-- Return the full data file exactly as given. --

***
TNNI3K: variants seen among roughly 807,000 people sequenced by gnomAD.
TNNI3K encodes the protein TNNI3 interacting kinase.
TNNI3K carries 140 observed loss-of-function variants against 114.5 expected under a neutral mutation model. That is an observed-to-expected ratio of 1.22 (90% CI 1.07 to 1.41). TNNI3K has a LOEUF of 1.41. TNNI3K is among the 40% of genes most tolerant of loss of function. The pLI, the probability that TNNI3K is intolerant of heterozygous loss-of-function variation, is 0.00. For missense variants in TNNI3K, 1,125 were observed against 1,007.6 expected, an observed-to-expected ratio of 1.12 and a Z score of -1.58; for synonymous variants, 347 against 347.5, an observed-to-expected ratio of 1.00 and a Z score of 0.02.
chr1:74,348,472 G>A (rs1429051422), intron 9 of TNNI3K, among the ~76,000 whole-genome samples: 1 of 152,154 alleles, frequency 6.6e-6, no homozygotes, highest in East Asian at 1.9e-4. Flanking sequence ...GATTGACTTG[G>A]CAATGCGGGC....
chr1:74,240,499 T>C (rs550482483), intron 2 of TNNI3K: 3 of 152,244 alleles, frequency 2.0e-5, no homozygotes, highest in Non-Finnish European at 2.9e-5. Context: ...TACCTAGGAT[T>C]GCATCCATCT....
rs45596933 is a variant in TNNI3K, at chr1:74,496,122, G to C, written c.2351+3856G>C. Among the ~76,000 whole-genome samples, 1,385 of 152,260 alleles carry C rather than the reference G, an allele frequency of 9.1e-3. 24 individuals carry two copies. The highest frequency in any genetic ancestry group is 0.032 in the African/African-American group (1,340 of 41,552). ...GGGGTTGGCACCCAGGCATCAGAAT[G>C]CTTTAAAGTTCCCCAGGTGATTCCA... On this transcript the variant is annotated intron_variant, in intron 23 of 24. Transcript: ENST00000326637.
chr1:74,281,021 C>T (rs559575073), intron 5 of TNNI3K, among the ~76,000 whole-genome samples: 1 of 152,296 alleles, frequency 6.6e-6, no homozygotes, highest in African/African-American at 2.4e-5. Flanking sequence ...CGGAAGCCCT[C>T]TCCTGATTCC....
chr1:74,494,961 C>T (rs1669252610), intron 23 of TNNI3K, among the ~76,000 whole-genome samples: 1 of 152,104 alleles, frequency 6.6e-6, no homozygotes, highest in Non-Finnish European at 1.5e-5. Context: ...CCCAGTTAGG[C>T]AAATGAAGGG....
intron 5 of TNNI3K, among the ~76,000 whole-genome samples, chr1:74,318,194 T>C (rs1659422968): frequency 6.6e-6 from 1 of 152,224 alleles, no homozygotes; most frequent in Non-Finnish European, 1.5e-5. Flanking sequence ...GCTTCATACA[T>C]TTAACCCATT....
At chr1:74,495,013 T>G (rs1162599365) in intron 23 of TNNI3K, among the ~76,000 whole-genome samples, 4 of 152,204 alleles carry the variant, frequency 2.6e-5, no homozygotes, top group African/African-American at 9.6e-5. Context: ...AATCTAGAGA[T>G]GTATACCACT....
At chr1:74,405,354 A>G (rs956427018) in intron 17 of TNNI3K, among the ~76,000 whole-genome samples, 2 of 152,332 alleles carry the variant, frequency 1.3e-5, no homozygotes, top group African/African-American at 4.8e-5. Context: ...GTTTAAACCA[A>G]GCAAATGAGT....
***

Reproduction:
TNNI3K: variants seen among roughly 807,000 people sequenced by gnomAD.
TNNI3K encodes the protein TNNI3 interacting kinase.
TNNI3K carries 140 observed loss-of-function variants against 114.5 expected under a neutral mutation model. That is an observed-to-expected ratio of 1.22 (90% CI 1.07 to 1.41). TNNI3K has a LOEUF of 1.41. TNNI3K is among the 40% of genes most tolerant of loss of function. The pLI, the probability that TNNI3K is intolerant of heterozygous loss-of-function variation, is 0.00. For missense variants in TNNI3K, 1,125 were observed against 1,007.6 expected, an observed-to-expected ratio of 1.12 and a Z score of -1.58; for synonymous variants, 347 against 347.5, an observed-to-expected ratio of 1.00 and a Z score of 0.02.
chr1:74,348,472 G>A (rs1429051422), intron 9 of TNNI3K, among the ~76,000 whole-genome samples: 1 of 152,154 alleles, frequency 6.6e-6, no homozygotes, highest in East Asian at 1.9e-4. Flanking sequence ...GATTGACTTG[G>A]CAATGCGGGC....
chr1:74,240,499 T>C (rs550482483), intron 2 of TNNI3K: 3 of 152,244 alleles, frequency 2.0e-5, no homozygotes, highest in Non-Finnish European at 2.9e-5. Context: ...TACCTAGGAT[T>C]GCATCCATCT....
rs45596933 is a variant in TNNI3K, at chr1:74,496,122, G to C, written c.2351+3856G>C. Among the ~76,000 whole-genome samples, 1,385 of 152,260 alleles carry C rather than the reference G, an allele frequency of 9.1e-3. 24 individuals carry two copies. The highest frequency in any genetic ancestry group is 0.032 in the African/African-American group (1,340 of 41,552). ...GGGGTTGGCACCCAGGCATCAGAAT[G>C]CTTTAAAGTTCCCCAGGTGATTCCA... On this transcript the variant is annotated intron_variant, in intron 23 of 24. Transcript: ENST00000326637.
chr1:74,281,021 C>T (rs559575073), intron 5 of TNNI3K, among the ~76,000 whole-genome samples: 1 of 152,296 alleles, frequency 6.6e-6, no homozygotes, highest in African/African-American at 2.4e-5. Flanking sequence ...CGGAAGCCCT[C>T]TCCTGATTCC....
chr1:74,494,961 C>T (rs1669252610), intron 23 of TNNI3K, among the ~76,000 whole-genome samples: 1 of 152,104 alleles, frequency 6.6e-6, no homozygotes, highest in Non-Finnish European at 1.5e-5. Context: ...CCCAGTTAGG[C>T]AAATGAAGGG....
intron 5 of TNNI3K, among the ~76,000 whole-genome samples, chr1:74,318,194 T>C (rs1659422968): frequency 6.6e-6 from 1 of 152,224 alleles, no homozygotes; most frequent in Non-Finnish European, 1.5e-5. Flanking sequence ...GCTTCATACA[T>C]TTAACCCATT....
At chr1:74,495,013 T>G (rs1162599365) in intron 23 of TNNI3K, among the ~76,000 whole-genome samples, 4 of 152,204 alleles carry the variant, frequency 2.6e-5, no homozygotes, top group African/African-American at 9.6e-5. Context: ...AATCTAGAGA[T>G]GTATACCACT....
At chr1:74,405,354 A>G (rs956427018) in intron 17 of TNNI3K, among the ~76,000 whole-genome samples, 2 of 152,332 alleles carry the variant, frequency 1.3e-5, no homozygotes, top group African/African-American at 4.8e-5. Context: ...GTTTAAACCA[A>G]GCAAATGAGT....